Digital fluency as defined by Howell (2012) is defined as the ability to use technologies in a confident manner. This includes the ability to understand and use technological systems. The ability to read, create and evaluate whilst using technical skills. The ability to communicate and relate by using technology (Spencer, 2016). Digital fluency in a practical sense means being able to select the tools and knowing what to do with them, can explain how they work and how they might adapt if the context where to change.
Students need to develop a digital fluency to keep up with the current digital world to increase job opportunities in the future or even to do simple tasks such as buying tickets or internet banking. It is our role as teachers to ensure our students are knowledgeable enough to join the workforce, in order to do further study or training (Mac Manus, 2013).
It is also important for teachers to have a good digital fluency in order to teach children how to use technology safely, this includes cyber bullying, inappropriate websites and identity theft (White, 2013). It is important to not only know how to use the technology but how to use it well. A fluency allows a person or teacher to avoid such things as scams and false information (Miller & Bartlett, 2012). A vast knowledge of technology not only allows a teacher to find information quickly and easily but to also find trustworthy and evidence based facts (Miller & Bartlett, 2012). This is knowing the difference between citing Wikipedia and sourcing the BBC.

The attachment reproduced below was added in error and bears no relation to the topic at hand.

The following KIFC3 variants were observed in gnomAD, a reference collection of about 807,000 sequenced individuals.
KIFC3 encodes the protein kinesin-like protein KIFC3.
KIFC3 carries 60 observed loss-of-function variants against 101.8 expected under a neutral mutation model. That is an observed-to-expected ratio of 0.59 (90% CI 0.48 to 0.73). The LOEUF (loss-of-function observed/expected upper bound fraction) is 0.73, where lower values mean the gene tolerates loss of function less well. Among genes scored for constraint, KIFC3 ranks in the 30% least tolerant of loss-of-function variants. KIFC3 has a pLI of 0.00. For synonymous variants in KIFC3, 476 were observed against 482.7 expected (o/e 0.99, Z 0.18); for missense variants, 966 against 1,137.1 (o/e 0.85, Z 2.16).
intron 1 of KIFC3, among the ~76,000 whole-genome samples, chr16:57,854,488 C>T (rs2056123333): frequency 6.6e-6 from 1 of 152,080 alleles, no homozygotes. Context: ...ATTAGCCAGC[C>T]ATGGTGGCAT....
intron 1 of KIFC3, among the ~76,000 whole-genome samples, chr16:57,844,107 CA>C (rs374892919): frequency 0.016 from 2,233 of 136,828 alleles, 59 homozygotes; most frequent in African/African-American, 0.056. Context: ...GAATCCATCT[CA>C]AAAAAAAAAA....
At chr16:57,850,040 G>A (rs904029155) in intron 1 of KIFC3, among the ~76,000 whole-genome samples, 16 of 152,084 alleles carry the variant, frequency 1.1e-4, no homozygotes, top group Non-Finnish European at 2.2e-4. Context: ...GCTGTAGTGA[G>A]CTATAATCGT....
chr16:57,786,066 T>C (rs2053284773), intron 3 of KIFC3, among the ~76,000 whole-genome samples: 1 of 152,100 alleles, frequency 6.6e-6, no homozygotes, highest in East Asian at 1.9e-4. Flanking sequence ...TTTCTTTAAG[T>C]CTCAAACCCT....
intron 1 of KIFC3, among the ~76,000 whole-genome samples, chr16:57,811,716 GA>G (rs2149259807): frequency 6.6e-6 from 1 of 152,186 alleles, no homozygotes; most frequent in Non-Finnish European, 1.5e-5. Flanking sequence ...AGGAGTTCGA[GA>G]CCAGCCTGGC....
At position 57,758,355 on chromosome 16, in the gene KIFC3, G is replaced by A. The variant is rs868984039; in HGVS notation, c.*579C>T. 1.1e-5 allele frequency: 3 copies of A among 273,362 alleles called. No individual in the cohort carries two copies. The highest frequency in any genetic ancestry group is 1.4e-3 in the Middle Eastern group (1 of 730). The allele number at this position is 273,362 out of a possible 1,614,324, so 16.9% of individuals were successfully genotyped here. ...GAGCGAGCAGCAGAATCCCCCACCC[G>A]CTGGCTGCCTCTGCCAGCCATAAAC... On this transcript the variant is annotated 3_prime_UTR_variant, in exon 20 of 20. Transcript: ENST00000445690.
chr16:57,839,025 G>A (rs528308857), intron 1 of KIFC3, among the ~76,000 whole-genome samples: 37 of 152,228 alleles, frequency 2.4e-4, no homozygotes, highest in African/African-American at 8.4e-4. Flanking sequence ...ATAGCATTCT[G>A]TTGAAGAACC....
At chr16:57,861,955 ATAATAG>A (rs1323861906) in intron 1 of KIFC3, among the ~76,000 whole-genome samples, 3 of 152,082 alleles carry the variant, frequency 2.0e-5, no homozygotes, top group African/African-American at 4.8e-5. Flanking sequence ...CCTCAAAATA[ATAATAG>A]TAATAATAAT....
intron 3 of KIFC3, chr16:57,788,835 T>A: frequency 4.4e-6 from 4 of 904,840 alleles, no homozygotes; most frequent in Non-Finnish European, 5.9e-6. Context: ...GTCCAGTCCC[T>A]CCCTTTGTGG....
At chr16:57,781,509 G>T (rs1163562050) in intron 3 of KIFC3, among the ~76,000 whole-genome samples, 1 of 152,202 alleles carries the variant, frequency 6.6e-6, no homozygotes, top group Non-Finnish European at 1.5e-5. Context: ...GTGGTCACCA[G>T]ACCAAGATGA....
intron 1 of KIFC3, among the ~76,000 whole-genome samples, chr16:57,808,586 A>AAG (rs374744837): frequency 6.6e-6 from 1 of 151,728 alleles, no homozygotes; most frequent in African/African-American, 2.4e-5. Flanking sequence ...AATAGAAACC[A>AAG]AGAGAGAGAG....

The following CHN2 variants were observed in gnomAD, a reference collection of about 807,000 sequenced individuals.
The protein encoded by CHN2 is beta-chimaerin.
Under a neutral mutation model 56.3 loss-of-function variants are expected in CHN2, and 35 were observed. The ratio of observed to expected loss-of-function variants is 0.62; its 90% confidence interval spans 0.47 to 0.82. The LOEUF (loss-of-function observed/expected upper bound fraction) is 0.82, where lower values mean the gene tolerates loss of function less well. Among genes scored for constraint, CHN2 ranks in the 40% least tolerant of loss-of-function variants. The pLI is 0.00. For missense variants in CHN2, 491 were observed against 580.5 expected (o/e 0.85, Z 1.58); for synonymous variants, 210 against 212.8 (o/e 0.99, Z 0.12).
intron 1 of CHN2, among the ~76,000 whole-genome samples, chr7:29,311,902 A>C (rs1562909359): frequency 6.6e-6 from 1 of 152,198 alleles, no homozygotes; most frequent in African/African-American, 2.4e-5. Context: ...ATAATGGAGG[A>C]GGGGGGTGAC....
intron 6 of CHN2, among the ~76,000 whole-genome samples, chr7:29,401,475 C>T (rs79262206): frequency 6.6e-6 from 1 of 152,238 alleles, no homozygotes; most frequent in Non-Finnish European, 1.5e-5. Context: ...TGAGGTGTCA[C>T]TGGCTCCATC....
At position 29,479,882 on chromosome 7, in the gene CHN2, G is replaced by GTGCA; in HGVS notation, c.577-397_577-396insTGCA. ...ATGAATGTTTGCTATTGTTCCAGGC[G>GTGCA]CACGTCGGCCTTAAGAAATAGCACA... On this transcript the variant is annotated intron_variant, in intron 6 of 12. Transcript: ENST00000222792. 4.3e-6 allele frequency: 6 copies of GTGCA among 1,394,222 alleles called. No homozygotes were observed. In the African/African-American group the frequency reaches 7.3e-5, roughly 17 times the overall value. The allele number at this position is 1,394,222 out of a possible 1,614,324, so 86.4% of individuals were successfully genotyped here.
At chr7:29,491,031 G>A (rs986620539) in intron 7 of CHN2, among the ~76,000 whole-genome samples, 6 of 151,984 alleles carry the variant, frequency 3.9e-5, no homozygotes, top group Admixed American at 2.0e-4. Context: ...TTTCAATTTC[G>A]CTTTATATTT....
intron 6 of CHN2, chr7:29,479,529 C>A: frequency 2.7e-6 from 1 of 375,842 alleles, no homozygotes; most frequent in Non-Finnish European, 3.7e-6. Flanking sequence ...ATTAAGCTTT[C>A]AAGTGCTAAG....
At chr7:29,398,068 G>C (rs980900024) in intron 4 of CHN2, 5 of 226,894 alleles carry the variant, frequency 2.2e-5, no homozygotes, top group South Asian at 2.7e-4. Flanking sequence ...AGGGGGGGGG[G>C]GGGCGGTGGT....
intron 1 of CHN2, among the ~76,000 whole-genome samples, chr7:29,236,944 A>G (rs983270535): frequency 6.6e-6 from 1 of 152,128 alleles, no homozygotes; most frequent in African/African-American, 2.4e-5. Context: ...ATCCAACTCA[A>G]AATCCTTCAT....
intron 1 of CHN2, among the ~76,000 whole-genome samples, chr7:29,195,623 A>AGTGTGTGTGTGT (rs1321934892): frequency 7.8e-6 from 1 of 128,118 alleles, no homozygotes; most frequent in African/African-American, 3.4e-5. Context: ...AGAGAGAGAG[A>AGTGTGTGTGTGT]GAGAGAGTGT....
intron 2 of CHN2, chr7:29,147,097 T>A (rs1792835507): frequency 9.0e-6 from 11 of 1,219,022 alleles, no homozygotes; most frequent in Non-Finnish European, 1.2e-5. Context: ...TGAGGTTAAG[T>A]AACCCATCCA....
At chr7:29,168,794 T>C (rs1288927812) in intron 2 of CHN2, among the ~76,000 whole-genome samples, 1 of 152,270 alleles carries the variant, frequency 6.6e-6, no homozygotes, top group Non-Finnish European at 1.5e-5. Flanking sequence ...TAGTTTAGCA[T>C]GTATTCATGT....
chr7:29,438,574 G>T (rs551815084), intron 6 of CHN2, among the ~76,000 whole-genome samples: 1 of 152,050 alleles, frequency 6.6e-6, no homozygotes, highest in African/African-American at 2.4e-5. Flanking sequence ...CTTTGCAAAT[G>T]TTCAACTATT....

Now test your own Digital fluency:
Howell, J. (2012). Teaching with ICT: Digital Pedagogies for Collaboration & Creativity. South Melbourne, VIC: Oxford University
Mac Manus,S. (August 2, 2013). Getting young people fluent in digital. Guardian News.retrieved from: http://www.theguardian.com/social-enterprise-network/2013/aug/02/young-people-fluent-digital
Miller, C. & Bartlett, J. (2012). ‘Digital fluency’: towards young people’s critical use of the internet. Journal of Information Literacy, 6(2), pp. 35-55. http://ojs.lboro.ac.uk/ojs/index.php/JIL/article/view/PRA-V6-I2-2012-3
Spencer, K. (October 30, 2016). What is digital fluency. retrieved from :http://blog.core-ed.org/blog/2015/10/what-is-digital-fluency.html
White, G. (2013). Digital fluency : skills necessary for learning in the digital age. Melbourne : ACER retrieved from: http://research.acer.edu.au/cgi/viewcontent.cgi?article=1006&context=digital_learning
Education comic strips. (2010). Digital fluency [image]. Retrieved from: http://www.thecomicstrips.com/subject/The-Education-Comic-Strips.p